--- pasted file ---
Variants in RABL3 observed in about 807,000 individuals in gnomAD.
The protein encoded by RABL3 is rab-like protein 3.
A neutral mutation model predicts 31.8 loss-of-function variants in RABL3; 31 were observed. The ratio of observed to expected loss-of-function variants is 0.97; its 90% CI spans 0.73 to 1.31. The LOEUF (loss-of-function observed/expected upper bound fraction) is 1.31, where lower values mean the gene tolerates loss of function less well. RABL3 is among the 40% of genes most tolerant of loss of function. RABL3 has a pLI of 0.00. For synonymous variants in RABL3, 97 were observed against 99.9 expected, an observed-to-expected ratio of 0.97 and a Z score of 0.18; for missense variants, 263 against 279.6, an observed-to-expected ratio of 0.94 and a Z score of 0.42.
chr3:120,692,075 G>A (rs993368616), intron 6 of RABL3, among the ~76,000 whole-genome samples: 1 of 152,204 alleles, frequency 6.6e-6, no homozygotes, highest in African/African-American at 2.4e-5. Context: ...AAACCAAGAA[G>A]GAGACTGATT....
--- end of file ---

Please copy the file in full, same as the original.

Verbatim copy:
Variants in RABL3 observed in about 807,000 individuals in gnomAD.
The protein encoded by RABL3 is rab-like protein 3.
A neutral mutation model predicts 31.8 loss-of-function variants in RABL3; 31 were observed. The ratio of observed to expected loss-of-function variants is 0.97; its 90% CI spans 0.73 to 1.31. The LOEUF (loss-of-function observed/expected upper bound fraction) is 1.31, where lower values mean the gene tolerates loss of function less well. RABL3 is among the 40% of genes most tolerant of loss of function. RABL3 has a pLI of 0.00. For synonymous variants in RABL3, 97 were observed against 99.9 expected, an observed-to-expected ratio of 0.97 and a Z score of 0.18; for missense variants, 263 against 279.6, an observed-to-expected ratio of 0.94 and a Z score of 0.42.
chr3:120,692,075 G>A (rs993368616), intron 6 of RABL3, among the ~76,000 whole-genome samples: 1 of 152,204 alleles, frequency 6.6e-6, no homozygotes, highest in African/African-American at 2.4e-5. Context: ...AAACCAAGAA[G>A]GAGACTGATT....